• Distant Cities: Thoughts on an Aesthetics of Urbanism

    Author(s):
    Arnold Berleant (see profile)
    Date:
    2012
    Subject(s):
    Urbanism, Aesthetics, City
    Item Type:
    Book chapter
    Tag(s):
    urban experience, aesthetics of urbanism, suburbs, ruburbs
    Permanent URL:
    http://dx.doi.org/10.17613/wqjp-dy93
    Abstract:
    The city does not exist. The city is a fiction, an abstraction rooted in history and mythology. For how can we identify it? However it is identified or defined, the city is an environment of experience before it is anything else. Urban experience, in fact, is perhaps one of the most important and powerful of the complex dimensions that constitute the city, whatever it may be. I call this talk "Distant Cities" because I want to inquire into urban experience from a different, perhaps unfamiliar direction, urban experience as encountered from the outside, from a distance, as it were. How is the city seen and understood not by its inhabitants but by an outsider who may occasionally enter into the urban sphere for visits of limited duration? The question of urban experience is as complex, intricate, and elusive as its material condition, the city. Here we encounter massiveness – the physical mass of the urban conglomerate of skyscrapers, institutional edifices, commercial monoliths; urban regions, districts, and neighborhoods. We not only encounter massiveness; we face spatial extent, as the urban consumption of the landscape spreads across whole geographical regions, such as the megalopolis of the eastern seaboard of the United States stretching from Boston to Washington or the amoeba-like spread of construction across huge distances and often overlapping state lines, as in the Los Angeles, San Francisco, Chicago, St. Louis urban conglomerates. From this uncommon external perspective on urban experience, I want to consider what it can tell us about the possibilities of an aesthetic of urbanism. In particular, I want to recover the humane and civilizing possibilities of the city. This leads me finally to an unabashed sketch of how a responsible environment might be now understood.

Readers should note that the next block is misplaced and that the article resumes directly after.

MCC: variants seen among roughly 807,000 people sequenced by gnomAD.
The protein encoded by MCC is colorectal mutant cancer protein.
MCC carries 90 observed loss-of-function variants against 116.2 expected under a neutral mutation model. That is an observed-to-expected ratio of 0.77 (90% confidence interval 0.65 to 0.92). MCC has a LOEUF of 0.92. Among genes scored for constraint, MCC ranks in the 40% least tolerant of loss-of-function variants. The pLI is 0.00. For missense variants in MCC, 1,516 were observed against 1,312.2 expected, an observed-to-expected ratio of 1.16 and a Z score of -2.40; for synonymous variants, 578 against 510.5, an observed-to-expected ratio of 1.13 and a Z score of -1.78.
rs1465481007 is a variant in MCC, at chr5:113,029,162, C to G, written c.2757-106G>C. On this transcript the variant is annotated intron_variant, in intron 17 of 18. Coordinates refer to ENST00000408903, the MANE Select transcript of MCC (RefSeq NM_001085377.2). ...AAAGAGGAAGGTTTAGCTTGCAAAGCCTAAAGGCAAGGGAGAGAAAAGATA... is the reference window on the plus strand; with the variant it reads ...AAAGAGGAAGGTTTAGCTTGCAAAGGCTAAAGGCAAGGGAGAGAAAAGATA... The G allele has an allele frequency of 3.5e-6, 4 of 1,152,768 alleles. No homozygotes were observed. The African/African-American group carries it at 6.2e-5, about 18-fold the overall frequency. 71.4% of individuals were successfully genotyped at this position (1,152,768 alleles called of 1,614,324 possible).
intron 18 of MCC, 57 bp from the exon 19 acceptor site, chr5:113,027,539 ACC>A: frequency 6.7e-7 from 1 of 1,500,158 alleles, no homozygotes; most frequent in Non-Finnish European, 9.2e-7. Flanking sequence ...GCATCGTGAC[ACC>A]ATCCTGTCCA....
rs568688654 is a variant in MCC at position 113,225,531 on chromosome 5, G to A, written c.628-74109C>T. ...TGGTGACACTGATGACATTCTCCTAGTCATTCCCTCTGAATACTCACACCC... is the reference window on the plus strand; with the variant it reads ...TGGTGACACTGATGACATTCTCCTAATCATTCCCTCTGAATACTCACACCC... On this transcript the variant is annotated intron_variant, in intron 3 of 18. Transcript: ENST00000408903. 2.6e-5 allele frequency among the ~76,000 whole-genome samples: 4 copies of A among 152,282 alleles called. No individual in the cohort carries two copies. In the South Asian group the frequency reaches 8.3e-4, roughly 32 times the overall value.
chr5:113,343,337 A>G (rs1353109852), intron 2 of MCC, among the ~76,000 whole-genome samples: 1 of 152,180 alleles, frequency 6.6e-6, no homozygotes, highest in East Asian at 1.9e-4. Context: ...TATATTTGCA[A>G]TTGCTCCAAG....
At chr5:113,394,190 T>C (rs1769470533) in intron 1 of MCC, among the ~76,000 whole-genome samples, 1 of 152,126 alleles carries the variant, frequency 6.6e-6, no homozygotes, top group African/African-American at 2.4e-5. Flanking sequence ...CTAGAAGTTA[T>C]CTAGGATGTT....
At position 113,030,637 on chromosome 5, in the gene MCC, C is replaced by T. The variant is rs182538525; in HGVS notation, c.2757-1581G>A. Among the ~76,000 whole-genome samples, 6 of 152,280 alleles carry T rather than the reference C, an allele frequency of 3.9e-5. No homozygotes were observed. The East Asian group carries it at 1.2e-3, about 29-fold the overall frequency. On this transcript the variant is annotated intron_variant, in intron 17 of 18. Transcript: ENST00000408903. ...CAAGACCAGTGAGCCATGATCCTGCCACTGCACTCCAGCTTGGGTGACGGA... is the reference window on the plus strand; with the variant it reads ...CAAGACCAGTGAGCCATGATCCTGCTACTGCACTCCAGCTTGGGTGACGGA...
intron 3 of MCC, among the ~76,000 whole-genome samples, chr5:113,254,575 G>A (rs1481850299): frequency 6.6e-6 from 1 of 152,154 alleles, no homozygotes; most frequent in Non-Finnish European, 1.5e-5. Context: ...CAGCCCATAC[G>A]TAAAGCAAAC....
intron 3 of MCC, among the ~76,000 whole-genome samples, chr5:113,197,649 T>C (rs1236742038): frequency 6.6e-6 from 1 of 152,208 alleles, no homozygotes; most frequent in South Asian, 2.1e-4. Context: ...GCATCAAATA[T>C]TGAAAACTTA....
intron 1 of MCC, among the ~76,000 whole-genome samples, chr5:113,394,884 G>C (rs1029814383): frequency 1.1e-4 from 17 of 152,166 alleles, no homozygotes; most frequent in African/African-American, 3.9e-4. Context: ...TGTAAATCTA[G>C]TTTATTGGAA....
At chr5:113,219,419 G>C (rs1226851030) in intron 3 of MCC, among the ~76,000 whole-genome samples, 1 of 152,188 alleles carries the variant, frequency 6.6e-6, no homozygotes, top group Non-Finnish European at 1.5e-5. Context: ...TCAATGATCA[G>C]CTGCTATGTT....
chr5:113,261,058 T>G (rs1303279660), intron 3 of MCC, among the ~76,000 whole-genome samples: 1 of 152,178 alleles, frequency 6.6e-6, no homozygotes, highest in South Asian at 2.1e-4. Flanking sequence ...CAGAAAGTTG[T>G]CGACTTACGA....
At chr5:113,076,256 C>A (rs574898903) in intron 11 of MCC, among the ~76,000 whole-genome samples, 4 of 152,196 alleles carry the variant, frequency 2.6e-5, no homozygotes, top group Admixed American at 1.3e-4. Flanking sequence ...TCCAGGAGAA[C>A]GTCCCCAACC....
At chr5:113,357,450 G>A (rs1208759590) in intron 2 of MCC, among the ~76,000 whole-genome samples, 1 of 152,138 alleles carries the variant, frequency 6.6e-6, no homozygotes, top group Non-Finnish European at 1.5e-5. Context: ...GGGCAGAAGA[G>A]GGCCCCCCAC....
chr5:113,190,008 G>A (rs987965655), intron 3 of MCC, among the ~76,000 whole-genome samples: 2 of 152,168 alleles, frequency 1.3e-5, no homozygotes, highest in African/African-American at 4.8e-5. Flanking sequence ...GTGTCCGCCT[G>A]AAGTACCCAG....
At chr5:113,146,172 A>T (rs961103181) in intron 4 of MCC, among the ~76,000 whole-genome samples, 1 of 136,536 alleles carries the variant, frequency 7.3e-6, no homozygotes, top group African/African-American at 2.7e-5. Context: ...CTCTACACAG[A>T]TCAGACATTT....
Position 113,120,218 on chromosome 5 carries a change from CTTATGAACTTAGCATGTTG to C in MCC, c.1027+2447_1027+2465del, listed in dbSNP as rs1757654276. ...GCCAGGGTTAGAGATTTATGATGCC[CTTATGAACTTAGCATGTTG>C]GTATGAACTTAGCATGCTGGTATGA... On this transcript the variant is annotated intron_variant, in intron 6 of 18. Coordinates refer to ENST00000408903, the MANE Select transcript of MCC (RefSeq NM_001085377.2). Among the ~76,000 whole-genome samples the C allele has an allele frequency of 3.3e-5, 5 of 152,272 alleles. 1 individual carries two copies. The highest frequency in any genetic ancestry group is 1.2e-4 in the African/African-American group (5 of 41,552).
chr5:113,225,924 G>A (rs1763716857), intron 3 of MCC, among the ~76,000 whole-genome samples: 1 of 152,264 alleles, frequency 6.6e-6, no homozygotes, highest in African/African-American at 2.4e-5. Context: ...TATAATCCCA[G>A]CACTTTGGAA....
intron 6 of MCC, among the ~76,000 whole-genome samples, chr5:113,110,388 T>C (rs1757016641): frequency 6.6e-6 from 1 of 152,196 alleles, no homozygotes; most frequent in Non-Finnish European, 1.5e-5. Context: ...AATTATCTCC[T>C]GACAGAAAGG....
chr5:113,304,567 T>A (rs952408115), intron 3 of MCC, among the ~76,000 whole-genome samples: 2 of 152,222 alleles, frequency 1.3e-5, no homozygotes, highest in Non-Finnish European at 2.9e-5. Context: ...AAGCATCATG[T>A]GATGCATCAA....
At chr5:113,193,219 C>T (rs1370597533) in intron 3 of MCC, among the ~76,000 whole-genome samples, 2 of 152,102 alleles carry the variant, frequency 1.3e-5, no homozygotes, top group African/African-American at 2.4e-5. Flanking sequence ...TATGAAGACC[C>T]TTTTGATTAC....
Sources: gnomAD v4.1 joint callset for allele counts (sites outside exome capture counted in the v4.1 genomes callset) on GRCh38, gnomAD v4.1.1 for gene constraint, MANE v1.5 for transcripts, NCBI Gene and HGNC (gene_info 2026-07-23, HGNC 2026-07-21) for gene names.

Notes:
    Paper given at the International Institute of Applied Aesthetics (IIAA) international summer school in environmental aesthetics and philosophy on Urban Spaces, Everyday Experience and Well-Being, Lahti, Finland, 19 June 2006. Chapter 10 in Arnold Berleant, Aesthetics beyond the Arts (Farnham, UK & Burlington, VT: Ashgate, 2012), pp. 105-115. ISBN 978-1138255487.
    Metadata:
    Published as:
    Book chapter    
    Status:
    Published
    Last Updated:
    1 month ago
    License:
    Attribution-NonCommercial
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